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Political Liberalism and the Scientific Claims of Religion

Bellolio, Cristóbal; (2017) Political Liberalism and the Scientific Claims of Religion. Doctoral thesis (Ph.D), UCL (University College London). Green open access

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Political liberalism is said to be neutral between what John Rawls called comprehensive doctrines. These doctrines are usually defined by their ethical and philosophical claims. However, how political liberalism should address factual disagreements in pluralistic societies is less clear. This is the broader question that this work aims to tackle. At a more specific level, the normative question is how liberal institutions should deal with factual claims put forward by religious traditions and communities. I take evolution vs. creationism as a case in point. While the former is a widely-accepted theory within scientific circles, the latter is advocated by religious groups in the US and elsewhere. The question is thus whether the liberal state can legitimately enlist its educational resources to teach Darwinism and exclude creationism as the true story about our origins. To this, creationists claim that (a) as Darwinism is a philosophically naturalistic doctrine, its exclusive teaching violates the promise of liberal neutrality to the detriment of non-naturalistic worldviews; and (b) liberal institutions – from courts of justice to educational boards and executive officials - are promoting a materialistic understanding of the scientific project by arbitrarily disallowing supernatural hypotheses. Accordingly, the best way to honour both metaphysical and epistemological fairness is to treat evolutionary theory and its foes in a balanced way within the framework of mandatory scientific education. Hence, the Creationist Claim (CC) is advanced as a logical implication of political liberalism’s purported impartiality. The first part of this thesis addresses three arguments that liberal theorists have articulated to dismiss CC: (i) Darwinian evolution is just a scientific theory, (ii) religion should not address matters of factuality, and (iii) science cannot handle supernatural hypotheses by definition. But these replies are unconvincing. I argue that Darwinism can be suitably presented as a partial worldview; that most religious narratives incorporate factual claims; and that theistic hypotheses should not be excluded from the purview of science under the disguise of a purely methodological naturalism. Nonetheless, this does not mean that creationism should be taught in the biology classroom. The second part of the thesis aims to provide a public justification for the exclusive teaching of Darwinian evolution. After distinguishing between two stages of liberal neutrality, I argue that the state is legitimated to adjudicate between competing factual claims through fair procedures, an adjudication that is indifferent to the naturalistic or supernaturalistic character of the hypotheses. Two justificatory strategies are then pursued. The first reconstructs the problem by mimicking the conditions of the Rawlsian Original Position, tracking the educational goods that every citizen under the veil of ignorance would sign up for. It concludes that a commitment to the aims of a broadly liberal education leads to the notion that every future citizen is entitled to an adequate degree of scientific literacy, which includes an understanding of the most fundamental idea in life sciences: evolution. The second appeals to Rawls’s suggestion that public reason encompasses the uncontroversial methods and conclusions of science. After addressing several possible objections, I conclude that scientific reasoning is a paradigmatic case of public reasoning, thus suitable for the aims of liberal public justification. Further, it offers a theory to think about scientific reasoning as an extension of everyday reasoning and common sense, a crucial assumption from which we can assert epistemic shared grounds. As a conclusion, this thesis argues that factual disagreements – such as the one that divides pluralistic societies over cosmic narratives - should be addressed by liberals within parameters of public justification, because this is the best way to show respect to all citizens. The scientific claims of religion might well be discarded, not because they are religious but because they fail to provide evidential support in a world in which scientific reasoning works as public epistemology.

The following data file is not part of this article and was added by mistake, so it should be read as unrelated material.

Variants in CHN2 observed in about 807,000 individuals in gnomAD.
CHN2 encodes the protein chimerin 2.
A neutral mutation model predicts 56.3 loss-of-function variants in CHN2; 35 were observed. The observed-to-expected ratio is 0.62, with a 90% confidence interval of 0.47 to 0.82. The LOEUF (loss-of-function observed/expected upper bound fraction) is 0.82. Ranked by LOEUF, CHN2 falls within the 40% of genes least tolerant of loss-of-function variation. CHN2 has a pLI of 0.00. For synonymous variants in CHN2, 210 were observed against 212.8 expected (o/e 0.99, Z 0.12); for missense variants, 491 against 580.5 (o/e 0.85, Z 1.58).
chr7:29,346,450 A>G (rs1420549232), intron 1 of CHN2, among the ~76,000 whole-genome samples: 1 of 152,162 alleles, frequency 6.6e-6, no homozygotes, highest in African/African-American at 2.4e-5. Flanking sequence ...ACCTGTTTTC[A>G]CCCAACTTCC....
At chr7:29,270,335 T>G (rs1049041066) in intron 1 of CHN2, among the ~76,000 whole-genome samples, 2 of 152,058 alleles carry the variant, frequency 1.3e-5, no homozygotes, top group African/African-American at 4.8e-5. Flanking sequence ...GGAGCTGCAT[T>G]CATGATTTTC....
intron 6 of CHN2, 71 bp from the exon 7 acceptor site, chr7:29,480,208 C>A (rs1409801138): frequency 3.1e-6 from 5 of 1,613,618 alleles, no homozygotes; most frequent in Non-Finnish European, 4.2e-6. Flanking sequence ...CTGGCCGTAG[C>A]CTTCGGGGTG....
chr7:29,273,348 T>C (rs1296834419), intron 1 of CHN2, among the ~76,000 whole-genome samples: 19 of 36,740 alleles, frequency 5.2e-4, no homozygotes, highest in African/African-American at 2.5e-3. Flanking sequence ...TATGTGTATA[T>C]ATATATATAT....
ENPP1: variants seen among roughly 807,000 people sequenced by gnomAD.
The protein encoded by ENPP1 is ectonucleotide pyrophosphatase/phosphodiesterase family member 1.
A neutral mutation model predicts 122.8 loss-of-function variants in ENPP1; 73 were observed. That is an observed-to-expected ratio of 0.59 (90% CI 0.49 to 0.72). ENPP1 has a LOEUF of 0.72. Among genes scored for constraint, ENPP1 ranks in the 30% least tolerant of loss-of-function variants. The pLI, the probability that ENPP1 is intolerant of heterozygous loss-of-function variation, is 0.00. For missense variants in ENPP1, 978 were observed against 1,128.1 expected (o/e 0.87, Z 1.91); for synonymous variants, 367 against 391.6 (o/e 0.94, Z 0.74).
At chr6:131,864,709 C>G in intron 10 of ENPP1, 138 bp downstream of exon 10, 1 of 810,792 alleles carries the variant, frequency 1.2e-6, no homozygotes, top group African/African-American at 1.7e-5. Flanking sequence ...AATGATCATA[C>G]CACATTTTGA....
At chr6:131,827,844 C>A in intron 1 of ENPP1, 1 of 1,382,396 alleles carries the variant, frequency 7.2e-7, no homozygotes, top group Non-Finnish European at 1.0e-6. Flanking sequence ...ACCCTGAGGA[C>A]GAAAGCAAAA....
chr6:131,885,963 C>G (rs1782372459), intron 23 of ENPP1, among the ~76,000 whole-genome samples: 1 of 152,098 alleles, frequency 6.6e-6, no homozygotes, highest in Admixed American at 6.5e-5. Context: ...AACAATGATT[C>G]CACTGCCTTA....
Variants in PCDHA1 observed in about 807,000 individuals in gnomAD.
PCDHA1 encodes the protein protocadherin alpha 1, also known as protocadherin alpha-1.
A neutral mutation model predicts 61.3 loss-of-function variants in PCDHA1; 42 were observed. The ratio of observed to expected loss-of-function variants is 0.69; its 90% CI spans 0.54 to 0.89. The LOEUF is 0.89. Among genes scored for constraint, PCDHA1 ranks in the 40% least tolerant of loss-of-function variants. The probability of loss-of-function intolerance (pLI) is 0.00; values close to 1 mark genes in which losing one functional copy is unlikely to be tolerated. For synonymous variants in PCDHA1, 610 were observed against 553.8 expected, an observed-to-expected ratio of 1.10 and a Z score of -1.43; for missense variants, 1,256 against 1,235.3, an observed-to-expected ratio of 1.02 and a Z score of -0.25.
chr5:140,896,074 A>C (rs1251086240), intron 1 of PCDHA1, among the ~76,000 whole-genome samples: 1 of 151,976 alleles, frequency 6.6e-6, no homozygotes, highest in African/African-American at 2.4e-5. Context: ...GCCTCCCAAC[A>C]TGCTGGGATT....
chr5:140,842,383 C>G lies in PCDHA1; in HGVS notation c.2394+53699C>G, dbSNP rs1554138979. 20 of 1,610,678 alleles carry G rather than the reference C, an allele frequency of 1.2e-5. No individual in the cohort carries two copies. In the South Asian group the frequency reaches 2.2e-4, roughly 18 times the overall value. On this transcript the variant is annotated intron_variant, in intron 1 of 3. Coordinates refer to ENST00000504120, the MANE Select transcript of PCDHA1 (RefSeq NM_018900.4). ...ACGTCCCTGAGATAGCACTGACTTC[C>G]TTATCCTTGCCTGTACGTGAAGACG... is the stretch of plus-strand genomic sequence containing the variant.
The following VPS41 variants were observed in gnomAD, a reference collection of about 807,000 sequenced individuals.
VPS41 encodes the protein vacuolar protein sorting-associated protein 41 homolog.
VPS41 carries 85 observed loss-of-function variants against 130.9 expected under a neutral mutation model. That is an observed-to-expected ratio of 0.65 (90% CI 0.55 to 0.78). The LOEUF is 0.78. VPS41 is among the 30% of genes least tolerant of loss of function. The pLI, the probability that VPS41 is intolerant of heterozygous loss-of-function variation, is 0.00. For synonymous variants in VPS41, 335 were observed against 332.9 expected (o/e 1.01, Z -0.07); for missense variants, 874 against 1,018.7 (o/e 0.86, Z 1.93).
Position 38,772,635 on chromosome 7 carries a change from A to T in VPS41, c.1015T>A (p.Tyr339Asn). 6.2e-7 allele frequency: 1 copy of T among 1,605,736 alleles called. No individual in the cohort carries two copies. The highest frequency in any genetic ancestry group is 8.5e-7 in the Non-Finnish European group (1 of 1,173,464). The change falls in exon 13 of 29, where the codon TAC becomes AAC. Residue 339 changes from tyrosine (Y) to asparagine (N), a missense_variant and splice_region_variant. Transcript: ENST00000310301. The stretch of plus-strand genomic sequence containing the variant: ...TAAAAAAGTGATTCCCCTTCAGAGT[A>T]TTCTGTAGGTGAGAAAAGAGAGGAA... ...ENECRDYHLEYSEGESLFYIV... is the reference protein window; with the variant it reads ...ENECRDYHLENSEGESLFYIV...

Type: Thesis (Doctoral)
Qualification: Ph.D
Title: Political Liberalism and the Scientific Claims of Religion
Event: University College London
Open access status: An open access version is available from UCL Discovery
Language: English
UCL classification: UCL > Provost and Vice Provost Offices
UCL > Provost and Vice Provost Offices > UCL SLASH
URI: https://discovery.ucl.ac.uk/id/eprint/10025061
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